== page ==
Britain's 'most expensive council house' can't be sold
Published by Max Salsbury for 24dash.com in Housing and also in Communities, Finance
Britain's 'most' expensive council property can't be sold
A council property labelled Britain's "most expensive" by a right-wing think tank can't be sold, it has emerged.
Policy Exchange's latest report - 'Ending Expensive Social Tenancies' - calls for the selling off of expensive social housing, and notes a Camden Council lodge building as being the most costly.
But the property (pictured) on the outskirts of Waterlow Park was gifted to the council by philanthropist Sir Sydney Waterlow and can't be sold due to the conditions of the legacy.
In its report, Policy Exchange says of the property: "Camden own perhaps the most expensive social property, valued at over £2 million. The Camden council-owned gatehouse is so far removed from the average taxpayer’s house as to beggar belief. It is absurd this is social housing."
It referenced a Daily Telegraph article run in 2008, which revealed that a Camden council tenant had moved into the Grade II-listed building while repairs were carried out on her home.
The building was used for temporary accommodation from November 2008 to Jan 2011, but is longer part of the council's property portfolio.
Leader of Camden Council, Councillor Sarah Hayward, said: “Swains Lane Lodge is situated in Waterlow Park which is a public park managed through a charitable Trust by Camden Council. It is not part of Camden’s housing portfolio and there are legal restrictions in place which would prevent the building being sold. We believe it was therefore disingenuous of the Policy Exchange to include this in their report.
"We are working with and consulting local stakeholders, residents and the Charity Commission to find a use for the lodge which will give it a sustainable future. How the building can be used is restricted by the terms of the charitable trust which ensures that the park and the buildings within it are used for public benefit.”
David Cameron’s favourite think tank wants a mandatory obligation on councils and housing associations to sell off the 22% of social homes – 816,000 properties – above the median value in their areas when they become vacant (some 28,500) a year. The sales could fund up to 170,000 new homes a year with the £4.5bn raised, it says. This, it argues, could reduce waiting lists by between 250,000 to 600,000 households in five years.
However, Cllr Mike Jones, Chairman of the Local Government Association's Environment and Housing Board (LGA), is wary of the plans. He said: "These are decisions that should be taken at a local level by councils who best know the value of their housing stock and the extent and type of housing needed in their area.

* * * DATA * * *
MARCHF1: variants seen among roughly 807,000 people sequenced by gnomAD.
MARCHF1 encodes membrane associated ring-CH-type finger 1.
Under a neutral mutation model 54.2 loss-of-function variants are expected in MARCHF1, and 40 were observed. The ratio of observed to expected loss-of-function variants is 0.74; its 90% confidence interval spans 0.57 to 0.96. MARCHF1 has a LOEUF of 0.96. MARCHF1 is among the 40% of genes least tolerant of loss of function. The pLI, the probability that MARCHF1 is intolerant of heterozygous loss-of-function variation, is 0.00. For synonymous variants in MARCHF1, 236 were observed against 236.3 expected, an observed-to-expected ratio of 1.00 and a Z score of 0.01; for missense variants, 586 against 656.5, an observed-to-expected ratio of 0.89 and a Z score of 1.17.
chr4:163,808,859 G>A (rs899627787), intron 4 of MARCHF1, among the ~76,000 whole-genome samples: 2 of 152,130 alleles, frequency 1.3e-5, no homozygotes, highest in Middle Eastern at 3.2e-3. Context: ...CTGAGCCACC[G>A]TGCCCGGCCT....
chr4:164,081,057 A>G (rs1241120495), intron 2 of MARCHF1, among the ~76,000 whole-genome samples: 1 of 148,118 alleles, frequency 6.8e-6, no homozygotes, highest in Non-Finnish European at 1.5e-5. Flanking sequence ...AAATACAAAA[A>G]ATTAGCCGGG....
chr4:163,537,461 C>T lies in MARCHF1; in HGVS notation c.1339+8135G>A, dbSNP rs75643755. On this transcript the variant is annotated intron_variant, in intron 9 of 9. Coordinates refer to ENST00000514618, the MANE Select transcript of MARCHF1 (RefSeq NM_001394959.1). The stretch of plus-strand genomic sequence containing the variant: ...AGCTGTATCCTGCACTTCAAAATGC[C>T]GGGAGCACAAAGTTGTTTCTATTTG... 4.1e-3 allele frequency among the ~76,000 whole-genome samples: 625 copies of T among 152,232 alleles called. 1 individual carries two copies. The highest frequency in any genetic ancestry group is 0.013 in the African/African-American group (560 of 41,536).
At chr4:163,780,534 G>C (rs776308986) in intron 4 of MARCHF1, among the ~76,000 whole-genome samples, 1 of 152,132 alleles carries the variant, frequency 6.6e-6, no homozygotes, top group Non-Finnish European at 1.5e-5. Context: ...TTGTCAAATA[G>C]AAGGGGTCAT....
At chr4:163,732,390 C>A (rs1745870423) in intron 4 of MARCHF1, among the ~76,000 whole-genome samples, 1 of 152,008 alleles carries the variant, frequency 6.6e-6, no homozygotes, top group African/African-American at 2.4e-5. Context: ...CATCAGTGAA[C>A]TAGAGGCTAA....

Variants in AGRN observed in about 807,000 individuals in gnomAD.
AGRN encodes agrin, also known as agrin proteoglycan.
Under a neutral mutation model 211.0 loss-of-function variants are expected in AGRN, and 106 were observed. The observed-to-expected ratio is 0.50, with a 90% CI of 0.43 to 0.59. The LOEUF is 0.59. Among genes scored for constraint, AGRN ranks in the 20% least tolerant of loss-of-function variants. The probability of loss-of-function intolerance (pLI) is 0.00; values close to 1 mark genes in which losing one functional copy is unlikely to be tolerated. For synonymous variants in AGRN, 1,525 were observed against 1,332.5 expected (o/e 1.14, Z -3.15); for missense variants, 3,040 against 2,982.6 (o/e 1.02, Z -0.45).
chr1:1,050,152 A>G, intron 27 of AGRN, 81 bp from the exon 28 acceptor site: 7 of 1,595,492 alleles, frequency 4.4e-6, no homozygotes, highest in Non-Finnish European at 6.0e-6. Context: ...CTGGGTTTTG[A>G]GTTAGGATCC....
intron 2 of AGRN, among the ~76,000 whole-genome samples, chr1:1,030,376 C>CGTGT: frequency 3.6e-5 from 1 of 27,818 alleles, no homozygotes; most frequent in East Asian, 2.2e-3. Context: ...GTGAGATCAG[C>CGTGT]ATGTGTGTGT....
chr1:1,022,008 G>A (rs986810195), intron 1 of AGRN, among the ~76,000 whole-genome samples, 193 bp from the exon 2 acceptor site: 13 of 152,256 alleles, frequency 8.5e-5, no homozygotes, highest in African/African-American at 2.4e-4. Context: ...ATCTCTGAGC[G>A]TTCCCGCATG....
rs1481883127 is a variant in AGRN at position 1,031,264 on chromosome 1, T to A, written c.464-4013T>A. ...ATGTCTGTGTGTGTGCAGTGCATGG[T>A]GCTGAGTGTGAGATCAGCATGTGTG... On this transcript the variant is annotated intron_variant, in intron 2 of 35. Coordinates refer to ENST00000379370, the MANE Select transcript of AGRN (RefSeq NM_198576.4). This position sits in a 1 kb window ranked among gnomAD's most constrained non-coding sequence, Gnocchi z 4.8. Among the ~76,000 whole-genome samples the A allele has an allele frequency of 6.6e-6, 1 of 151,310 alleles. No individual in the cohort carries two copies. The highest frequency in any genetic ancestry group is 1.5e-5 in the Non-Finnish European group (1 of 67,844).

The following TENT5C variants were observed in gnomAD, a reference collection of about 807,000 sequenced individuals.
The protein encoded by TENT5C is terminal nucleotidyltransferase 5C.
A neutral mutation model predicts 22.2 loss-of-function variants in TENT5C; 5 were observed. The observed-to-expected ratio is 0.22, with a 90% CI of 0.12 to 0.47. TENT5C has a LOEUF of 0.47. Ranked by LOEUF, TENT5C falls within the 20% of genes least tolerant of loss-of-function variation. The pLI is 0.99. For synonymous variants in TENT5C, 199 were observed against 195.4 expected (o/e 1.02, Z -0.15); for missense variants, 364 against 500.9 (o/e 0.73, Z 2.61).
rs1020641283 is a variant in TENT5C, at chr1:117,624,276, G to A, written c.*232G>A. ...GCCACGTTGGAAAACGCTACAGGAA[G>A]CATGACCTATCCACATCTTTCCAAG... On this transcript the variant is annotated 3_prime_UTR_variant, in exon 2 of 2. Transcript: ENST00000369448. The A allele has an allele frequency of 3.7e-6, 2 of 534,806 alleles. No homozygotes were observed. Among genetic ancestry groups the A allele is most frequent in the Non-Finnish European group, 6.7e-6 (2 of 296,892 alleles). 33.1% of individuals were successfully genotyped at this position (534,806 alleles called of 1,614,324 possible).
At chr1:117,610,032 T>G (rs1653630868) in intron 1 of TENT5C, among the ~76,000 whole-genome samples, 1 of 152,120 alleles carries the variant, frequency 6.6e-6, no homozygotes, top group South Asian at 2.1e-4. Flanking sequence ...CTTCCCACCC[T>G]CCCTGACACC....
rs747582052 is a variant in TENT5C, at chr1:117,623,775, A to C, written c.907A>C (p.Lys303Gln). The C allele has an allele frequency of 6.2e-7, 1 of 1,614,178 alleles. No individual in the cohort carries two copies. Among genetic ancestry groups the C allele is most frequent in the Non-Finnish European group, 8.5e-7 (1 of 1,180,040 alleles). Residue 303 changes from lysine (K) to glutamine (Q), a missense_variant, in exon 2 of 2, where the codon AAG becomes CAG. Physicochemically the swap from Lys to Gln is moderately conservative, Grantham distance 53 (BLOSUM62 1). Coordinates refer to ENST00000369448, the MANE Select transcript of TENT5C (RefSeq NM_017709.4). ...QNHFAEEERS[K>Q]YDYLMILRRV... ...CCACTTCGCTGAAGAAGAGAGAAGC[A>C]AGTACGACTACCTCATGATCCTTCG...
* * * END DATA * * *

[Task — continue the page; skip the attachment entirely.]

"While selling off expensive stock to pay for more new homes may be sensible in some parts of the country, in other areas it could risk driving out key workers and undermining councils' efforts to ensure that the demographic makeup of towns and cities is conducive to a vibrant local economy. In addition, we need to make sure people living in affordable housing can access jobs, education and other opportunities to avoid concentrations of unemployment and disadvantage."
Commenting on the publication of the Policy Exchange report, Cllr Sarah Hayward said: “We believe the widespread sale of social housing to fund rebuilding programmes is wrong and fails to grasp the needs and complexity of housing mixed communities in some of the most deprived areas of the country.
“Here in Camden we have over 20,000 people waiting for accommodation in social housing. Raising funds by selling off properties is a false economy. It would be equally as expensive to purchase land in central London and commence a re-building programme, re-providing the homes sold.
“As a Council we have shown that the widespread sale of social housing is not required to provide investment and build new homes. We have developed a Community Investment Programme (CIP), a plan over 15 years to invest money in schools, homes and community facilities. While making a commitment to increase the number of homes in the social housing stock we may sell or redevelop properties that are out of date, expensive to maintain, or underused and difficult to access. This will help us generate funds that are not otherwise available to reinvest into improving other services and facilities.
“Our innovative approach of looking at where we can protect and enhance our communities will see the first social housing for a generation built in Camden. 850 social and affordable homes will be built, £119 million will be spend on improving the homes of our tenants and our children and young people will benefit from £117 million of investment in our schools.
“All of this investment comes at a time of when central government has cut over £80 million from Camden’s budget in addition to £200 million earmarked to rebuild schools across Camden.
“We have shown that a Plan B can be developed in the face of central government savings that retain the unique social mix in Camden without ripping the heart from established communities, something the Policy Exchange report appears to advocate.”